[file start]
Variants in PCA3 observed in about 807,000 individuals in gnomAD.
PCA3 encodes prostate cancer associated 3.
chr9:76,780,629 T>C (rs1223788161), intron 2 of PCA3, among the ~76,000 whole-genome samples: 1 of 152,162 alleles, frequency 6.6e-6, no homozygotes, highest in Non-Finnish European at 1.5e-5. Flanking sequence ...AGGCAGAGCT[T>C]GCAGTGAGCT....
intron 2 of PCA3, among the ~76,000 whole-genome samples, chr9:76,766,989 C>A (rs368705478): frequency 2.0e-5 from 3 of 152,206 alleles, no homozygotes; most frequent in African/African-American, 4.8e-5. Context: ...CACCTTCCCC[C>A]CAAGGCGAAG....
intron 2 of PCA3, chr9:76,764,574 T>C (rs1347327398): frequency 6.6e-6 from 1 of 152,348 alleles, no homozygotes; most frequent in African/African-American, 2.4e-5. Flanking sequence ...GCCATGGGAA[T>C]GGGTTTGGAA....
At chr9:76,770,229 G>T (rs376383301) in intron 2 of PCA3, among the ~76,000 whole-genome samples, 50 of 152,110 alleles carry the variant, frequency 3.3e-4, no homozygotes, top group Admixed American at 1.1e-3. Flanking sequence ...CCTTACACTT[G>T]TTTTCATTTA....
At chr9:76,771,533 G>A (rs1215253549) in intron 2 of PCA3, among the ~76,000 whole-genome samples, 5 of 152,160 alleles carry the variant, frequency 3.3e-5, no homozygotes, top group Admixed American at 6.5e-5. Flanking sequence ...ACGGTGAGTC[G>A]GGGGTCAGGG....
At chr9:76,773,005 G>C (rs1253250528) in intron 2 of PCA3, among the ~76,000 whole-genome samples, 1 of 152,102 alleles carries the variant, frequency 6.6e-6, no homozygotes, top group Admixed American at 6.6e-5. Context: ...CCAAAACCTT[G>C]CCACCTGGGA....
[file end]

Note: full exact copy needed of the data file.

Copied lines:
Variants in PCA3 observed in about 807,000 individuals in gnomAD.
PCA3 encodes prostate cancer associated 3.
chr9:76,780,629 T>C (rs1223788161), intron 2 of PCA3, among the ~76,000 whole-genome samples: 1 of 152,162 alleles, frequency 6.6e-6, no homozygotes, highest in Non-Finnish European at 1.5e-5. Flanking sequence ...AGGCAGAGCT[T>C]GCAGTGAGCT....
intron 2 of PCA3, among the ~76,000 whole-genome samples, chr9:76,766,989 C>A (rs368705478): frequency 2.0e-5 from 3 of 152,206 alleles, no homozygotes; most frequent in African/African-American, 4.8e-5. Context: ...CACCTTCCCC[C>A]CAAGGCGAAG....
intron 2 of PCA3, chr9:76,764,574 T>C (rs1347327398): frequency 6.6e-6 from 1 of 152,348 alleles, no homozygotes; most frequent in African/African-American, 2.4e-5. Flanking sequence ...GCCATGGGAA[T>C]GGGTTTGGAA....
At chr9:76,770,229 G>T (rs376383301) in intron 2 of PCA3, among the ~76,000 whole-genome samples, 50 of 152,110 alleles carry the variant, frequency 3.3e-4, no homozygotes, top group Admixed American at 1.1e-3. Flanking sequence ...CCTTACACTT[G>T]TTTTCATTTA....
At chr9:76,771,533 G>A (rs1215253549) in intron 2 of PCA3, among the ~76,000 whole-genome samples, 5 of 152,160 alleles carry the variant, frequency 3.3e-5, no homozygotes, top group Admixed American at 6.5e-5. Flanking sequence ...ACGGTGAGTC[G>A]GGGGTCAGGG....
At chr9:76,773,005 G>C (rs1253250528) in intron 2 of PCA3, among the ~76,000 whole-genome samples, 1 of 152,102 alleles carries the variant, frequency 6.6e-6, no homozygotes, top group Admixed American at 6.6e-5. Context: ...CCAAAACCTT[G>C]CCACCTGGGA....